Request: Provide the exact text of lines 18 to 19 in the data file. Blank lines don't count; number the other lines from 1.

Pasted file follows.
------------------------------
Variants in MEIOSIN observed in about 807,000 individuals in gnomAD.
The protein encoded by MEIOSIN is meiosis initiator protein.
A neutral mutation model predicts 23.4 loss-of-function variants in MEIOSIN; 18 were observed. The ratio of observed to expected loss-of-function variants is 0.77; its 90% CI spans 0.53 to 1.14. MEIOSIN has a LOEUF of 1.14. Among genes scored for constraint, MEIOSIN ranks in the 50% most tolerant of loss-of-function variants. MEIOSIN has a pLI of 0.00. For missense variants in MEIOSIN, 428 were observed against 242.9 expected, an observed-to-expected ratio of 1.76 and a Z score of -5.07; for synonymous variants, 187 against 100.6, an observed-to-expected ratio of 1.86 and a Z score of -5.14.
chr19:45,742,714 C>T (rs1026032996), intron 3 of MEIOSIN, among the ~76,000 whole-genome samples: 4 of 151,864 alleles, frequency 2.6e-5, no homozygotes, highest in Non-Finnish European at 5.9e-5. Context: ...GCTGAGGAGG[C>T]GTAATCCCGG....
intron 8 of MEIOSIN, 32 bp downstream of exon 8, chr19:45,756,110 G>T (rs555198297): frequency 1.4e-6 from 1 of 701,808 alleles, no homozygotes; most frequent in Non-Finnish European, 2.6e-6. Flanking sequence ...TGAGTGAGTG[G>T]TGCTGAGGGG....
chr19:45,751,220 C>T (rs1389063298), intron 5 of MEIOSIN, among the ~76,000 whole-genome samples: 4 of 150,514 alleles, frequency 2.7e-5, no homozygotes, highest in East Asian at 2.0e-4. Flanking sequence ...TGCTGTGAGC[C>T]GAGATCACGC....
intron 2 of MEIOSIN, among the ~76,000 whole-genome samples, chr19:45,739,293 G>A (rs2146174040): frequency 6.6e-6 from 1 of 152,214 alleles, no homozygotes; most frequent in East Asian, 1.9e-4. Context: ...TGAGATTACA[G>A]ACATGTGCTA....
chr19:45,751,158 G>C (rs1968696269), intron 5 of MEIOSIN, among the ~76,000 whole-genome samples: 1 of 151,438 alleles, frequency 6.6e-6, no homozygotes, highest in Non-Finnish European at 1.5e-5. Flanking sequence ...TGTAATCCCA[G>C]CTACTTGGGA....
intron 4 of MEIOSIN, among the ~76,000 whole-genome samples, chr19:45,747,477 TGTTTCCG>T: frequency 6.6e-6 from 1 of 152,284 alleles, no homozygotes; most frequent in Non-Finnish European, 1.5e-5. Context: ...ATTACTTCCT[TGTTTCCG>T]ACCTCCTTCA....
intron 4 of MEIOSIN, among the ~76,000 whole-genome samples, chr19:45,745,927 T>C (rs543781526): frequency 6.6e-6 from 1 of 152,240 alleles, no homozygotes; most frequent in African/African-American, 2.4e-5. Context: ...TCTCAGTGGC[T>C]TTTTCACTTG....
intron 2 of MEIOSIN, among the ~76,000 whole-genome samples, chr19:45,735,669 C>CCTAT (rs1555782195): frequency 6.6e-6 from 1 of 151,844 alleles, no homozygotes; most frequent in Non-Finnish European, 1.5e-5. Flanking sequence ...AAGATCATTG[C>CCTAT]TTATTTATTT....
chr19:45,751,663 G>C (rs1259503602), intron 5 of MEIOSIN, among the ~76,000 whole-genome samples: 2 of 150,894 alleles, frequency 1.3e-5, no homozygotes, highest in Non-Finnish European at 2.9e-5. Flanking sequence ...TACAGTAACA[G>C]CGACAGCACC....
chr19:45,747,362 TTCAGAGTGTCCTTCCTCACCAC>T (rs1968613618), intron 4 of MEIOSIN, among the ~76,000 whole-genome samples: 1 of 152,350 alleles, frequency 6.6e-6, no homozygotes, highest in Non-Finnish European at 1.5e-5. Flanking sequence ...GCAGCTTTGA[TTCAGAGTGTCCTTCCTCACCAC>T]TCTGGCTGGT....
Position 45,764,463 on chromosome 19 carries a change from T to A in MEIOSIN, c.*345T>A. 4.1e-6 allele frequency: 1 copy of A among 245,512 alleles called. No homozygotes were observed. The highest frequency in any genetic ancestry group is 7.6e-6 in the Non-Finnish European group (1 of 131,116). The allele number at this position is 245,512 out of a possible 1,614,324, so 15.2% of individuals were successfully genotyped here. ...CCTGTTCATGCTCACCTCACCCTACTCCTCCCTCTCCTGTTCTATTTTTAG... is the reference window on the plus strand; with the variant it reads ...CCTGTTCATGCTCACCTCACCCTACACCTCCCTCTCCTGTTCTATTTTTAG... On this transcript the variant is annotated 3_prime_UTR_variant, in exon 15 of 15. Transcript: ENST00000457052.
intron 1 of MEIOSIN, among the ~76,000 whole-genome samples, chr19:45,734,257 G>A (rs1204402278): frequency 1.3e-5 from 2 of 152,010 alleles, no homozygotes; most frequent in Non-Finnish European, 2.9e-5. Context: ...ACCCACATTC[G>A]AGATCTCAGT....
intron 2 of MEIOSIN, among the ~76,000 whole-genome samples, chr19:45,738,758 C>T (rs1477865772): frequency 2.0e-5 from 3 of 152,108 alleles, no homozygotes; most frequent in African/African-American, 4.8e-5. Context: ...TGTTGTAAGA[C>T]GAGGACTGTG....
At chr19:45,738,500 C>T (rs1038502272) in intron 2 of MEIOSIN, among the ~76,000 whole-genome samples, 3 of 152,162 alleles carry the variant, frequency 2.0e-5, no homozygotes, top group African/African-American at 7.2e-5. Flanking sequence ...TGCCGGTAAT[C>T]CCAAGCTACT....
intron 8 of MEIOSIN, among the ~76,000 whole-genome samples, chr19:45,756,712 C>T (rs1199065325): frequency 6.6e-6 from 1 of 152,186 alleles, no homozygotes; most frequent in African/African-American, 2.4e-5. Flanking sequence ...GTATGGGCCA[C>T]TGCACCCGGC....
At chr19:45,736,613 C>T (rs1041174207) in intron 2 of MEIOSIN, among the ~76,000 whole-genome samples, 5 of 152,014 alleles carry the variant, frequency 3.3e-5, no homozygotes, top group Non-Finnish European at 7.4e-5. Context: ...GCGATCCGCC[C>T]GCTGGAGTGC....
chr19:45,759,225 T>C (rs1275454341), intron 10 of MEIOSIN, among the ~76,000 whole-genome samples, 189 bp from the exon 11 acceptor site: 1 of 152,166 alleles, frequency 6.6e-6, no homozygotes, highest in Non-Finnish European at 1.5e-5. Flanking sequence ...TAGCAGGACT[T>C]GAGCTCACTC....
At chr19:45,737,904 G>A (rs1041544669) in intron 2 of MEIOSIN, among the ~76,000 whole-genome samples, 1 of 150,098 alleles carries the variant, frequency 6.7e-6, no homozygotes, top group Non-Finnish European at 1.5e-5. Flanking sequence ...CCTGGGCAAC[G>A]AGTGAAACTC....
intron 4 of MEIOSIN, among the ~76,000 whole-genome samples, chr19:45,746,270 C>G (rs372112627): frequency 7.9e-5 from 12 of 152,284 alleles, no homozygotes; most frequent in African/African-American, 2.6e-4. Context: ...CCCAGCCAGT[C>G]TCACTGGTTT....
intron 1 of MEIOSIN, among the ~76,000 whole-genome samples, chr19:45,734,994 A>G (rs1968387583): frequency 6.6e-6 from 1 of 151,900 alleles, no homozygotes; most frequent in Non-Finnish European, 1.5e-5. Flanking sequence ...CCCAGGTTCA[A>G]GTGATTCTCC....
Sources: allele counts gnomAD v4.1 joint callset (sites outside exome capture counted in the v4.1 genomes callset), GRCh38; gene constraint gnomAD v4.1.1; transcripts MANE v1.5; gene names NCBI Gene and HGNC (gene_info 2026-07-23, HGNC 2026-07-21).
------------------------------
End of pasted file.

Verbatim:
intron 8 of MEIOSIN, among the ~76,000 whole-genome samples, chr19:45,756,712 C>T (rs1199065325): frequency 6.6e-6 from 1 of 152,186 alleles, no homozygotes; most frequent in African/African-American, 2.4e-5. Flanking sequence ...GTATGGGCCA[C>T]TGCACCCGGC....
At chr19:45,736,613 C>T (rs1041174207) in intron 2 of MEIOSIN, among the ~76,000 whole-genome samples, 5 of 152,014 alleles carry the variant, frequency 3.3e-5, no homozygotes, top group Non-Finnish European at 7.4e-5. Context: ...GCGATCCGCC[C>T]GCTGGAGTGC....